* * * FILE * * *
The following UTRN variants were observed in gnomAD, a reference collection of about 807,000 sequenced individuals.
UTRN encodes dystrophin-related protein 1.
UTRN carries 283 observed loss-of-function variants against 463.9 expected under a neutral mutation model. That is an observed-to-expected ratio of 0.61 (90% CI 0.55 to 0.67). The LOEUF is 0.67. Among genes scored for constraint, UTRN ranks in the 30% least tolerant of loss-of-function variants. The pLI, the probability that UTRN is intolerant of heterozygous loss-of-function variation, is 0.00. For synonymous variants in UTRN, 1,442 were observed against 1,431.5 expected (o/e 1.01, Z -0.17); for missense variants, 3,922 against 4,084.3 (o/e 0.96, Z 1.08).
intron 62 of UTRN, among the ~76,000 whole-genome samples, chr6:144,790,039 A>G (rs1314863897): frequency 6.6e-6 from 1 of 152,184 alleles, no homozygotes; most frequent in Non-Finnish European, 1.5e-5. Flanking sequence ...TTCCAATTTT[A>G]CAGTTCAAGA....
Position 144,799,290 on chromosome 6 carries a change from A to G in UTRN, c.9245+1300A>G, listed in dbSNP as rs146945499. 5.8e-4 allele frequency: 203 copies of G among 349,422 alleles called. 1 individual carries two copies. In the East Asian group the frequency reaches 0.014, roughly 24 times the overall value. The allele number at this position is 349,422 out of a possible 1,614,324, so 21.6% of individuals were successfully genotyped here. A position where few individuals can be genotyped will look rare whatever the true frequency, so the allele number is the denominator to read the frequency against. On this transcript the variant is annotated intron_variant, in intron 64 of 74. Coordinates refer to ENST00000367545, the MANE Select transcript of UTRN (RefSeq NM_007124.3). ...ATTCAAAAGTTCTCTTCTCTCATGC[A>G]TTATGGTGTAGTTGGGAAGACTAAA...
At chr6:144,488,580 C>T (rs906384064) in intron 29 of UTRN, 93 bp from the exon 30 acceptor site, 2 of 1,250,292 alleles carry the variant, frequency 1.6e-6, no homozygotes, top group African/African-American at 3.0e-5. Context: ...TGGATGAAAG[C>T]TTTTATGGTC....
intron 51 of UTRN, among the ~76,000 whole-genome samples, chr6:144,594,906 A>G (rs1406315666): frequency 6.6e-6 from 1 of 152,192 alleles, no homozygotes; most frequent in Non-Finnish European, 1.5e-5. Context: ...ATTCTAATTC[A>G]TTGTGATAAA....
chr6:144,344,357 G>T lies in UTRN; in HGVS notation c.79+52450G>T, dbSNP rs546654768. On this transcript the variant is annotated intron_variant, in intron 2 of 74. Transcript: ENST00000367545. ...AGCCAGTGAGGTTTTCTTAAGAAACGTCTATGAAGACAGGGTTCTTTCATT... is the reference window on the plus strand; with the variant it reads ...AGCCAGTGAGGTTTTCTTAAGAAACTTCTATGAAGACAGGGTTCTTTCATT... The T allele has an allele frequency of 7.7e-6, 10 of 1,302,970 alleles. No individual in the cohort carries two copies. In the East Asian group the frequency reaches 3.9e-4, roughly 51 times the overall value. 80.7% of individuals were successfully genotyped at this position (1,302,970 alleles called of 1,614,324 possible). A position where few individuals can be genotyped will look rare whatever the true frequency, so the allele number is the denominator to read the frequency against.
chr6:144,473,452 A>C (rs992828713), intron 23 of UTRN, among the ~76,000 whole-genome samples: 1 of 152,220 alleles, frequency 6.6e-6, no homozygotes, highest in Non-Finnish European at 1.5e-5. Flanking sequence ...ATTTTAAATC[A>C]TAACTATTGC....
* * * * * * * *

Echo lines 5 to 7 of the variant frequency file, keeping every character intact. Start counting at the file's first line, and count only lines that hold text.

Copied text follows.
Position 144,799,290 on chromosome 6 carries a change from A to G in UTRN, c.9245+1300A>G, listed in dbSNP as rs146945499. 5.8e-4 allele frequency: 203 copies of G among 349,422 alleles called. 1 individual carries two copies. In the East Asian group the frequency reaches 0.014, roughly 24 times the overall value. The allele number at this position is 349,422 out of a possible 1,614,324, so 21.6% of individuals were successfully genotyped here. A position where few individuals can be genotyped will look rare whatever the true frequency, so the allele number is the denominator to read the frequency against. On this transcript the variant is annotated intron_variant, in intron 64 of 74. Coordinates refer to ENST00000367545, the MANE Select transcript of UTRN (RefSeq NM_007124.3). ...ATTCAAAAGTTCTCTTCTCTCATGC[A>G]TTATGGTGTAGTTGGGAAGACTAAA...
At chr6:144,488,580 C>T (rs906384064) in intron 29 of UTRN, 93 bp from the exon 30 acceptor site, 2 of 1,250,292 alleles carry the variant, frequency 1.6e-6, no homozygotes, top group African/African-American at 3.0e-5. Context: ...TGGATGAAAG[C>T]TTTTATGGTC....
intron 51 of UTRN, among the ~76,000 whole-genome samples, chr6:144,594,906 A>G (rs1406315666): frequency 6.6e-6 from 1 of 152,192 alleles, no homozygotes; most frequent in Non-Finnish European, 1.5e-5. Context: ...ATTCTAATTC[A>G]TTGTGATAAA....